The Sky Tonight Update: Full Moon

The Moon will be located on the opposite side of the Earth as the Sun and its face will be will be fully illuminated.

This full moon was known by early Native American tribes as the Full Strawberry Moon because it signaled the time of year to gather ripening fruit. It also coincides with the peak of the strawberry harvesting season.

This moon has also been known as the Full Rose Moon and the Full Honey Moon.

The Sky Tonight Update: Penumbral Lunar Eclipse

Earth’s shadow can be divided into two distinctive parts: the umbra and penumbra. Earth totally occludes direct solar radiation within the umbra, the central region of the shadow. However, since the Sun’s diameter appears about one-quarter of Earth’s in the lunar sky, the planet only partially blocks direct sunlight within the penumbra, the outer portion of the shadow.

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Lore of the Constellations: Corona Borealis

In our last video, Jay Lamm, Planetarium Producer and Technical Manager at the Irene W. Pennington Planetarium in the Louisiana Art & Science Museum, will tell you a little bit about the crown in our sky: Corona Borealis, or, the Northern Crown.

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The Sky Tonight Update: Full Moon, Supermoon

The Moon will be located on the opposite side of the Earth as the Sun and its face will be will be fully illuminated.  This full moon was known by early Native American tribes as the Full Flower Moon because this was the time of year when spring flowers appeared in abundance.

This moon has also been known as the Full Corn Planting Moon and the Milk Moon. This is also the last of four supermoons for 2020. The Moon will be at its closest approach to the Earth and may look slightly larger and brighter than usual.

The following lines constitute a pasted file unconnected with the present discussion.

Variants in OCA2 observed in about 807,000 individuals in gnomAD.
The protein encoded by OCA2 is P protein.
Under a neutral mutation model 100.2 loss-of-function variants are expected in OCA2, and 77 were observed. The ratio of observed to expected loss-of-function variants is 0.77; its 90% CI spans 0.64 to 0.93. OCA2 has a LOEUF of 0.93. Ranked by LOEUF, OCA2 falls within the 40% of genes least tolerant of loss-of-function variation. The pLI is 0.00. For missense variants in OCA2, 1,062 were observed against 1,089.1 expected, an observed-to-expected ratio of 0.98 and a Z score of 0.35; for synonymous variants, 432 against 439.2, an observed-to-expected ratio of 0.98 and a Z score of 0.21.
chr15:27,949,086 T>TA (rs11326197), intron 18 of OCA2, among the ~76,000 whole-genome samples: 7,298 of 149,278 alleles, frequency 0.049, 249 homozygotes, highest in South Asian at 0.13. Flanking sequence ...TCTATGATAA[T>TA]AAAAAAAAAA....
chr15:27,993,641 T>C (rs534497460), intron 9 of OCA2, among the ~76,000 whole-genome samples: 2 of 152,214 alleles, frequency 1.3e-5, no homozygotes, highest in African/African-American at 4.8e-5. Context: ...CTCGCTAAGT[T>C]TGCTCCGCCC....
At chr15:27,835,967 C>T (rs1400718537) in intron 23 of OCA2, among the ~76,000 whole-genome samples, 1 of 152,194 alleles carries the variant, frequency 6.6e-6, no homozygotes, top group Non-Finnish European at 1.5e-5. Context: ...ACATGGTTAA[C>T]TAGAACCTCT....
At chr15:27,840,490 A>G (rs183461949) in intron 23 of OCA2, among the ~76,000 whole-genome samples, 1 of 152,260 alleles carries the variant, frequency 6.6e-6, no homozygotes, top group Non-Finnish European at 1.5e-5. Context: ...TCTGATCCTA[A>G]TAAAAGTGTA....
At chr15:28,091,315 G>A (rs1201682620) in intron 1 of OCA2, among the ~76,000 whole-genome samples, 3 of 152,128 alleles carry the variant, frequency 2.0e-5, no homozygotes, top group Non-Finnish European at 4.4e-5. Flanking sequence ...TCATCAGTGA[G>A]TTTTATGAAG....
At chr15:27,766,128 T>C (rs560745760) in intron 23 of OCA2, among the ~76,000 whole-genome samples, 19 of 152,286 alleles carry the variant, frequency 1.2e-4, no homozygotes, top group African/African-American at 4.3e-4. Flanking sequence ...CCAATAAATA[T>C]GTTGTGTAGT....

Lore of the Constellations: Boötes

For video #3 in our special series, Jay Lamm, Planetarium Producer and Technical Manager at the Irene W. Pennington Planetarium in the Louisiana Art & Science Museum, will take you on an exploration behind the meaning and origin of the strange namesake of Boötes, the herdsman.

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The Sky Tonight Update: Eta Aquarids Meteor Shower

The Eta Aquarids is an above average shower, capable of producing up to 60 meteors per hour at its peak. Most of the activity is seen in the Southern Hemisphere. In the Northern Hemisphere, the rate can reach about 30 meteors per hour. It is produced by dust particles left behind by comet Halley, which has known and observed since ancient times.

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The Sky Tonight Update: Lyrids Meteor Shower

The Lyrids is an average shower, usually producing about 20 meteors per hour at its peak. It is produced by dust particles left behind by comet C/1861 G1 Thatcher, which was discovered in 1861. The shower runs annually from April 16-25. It peaks this year on the night of the night of the 22nd and morning of the 23rd.

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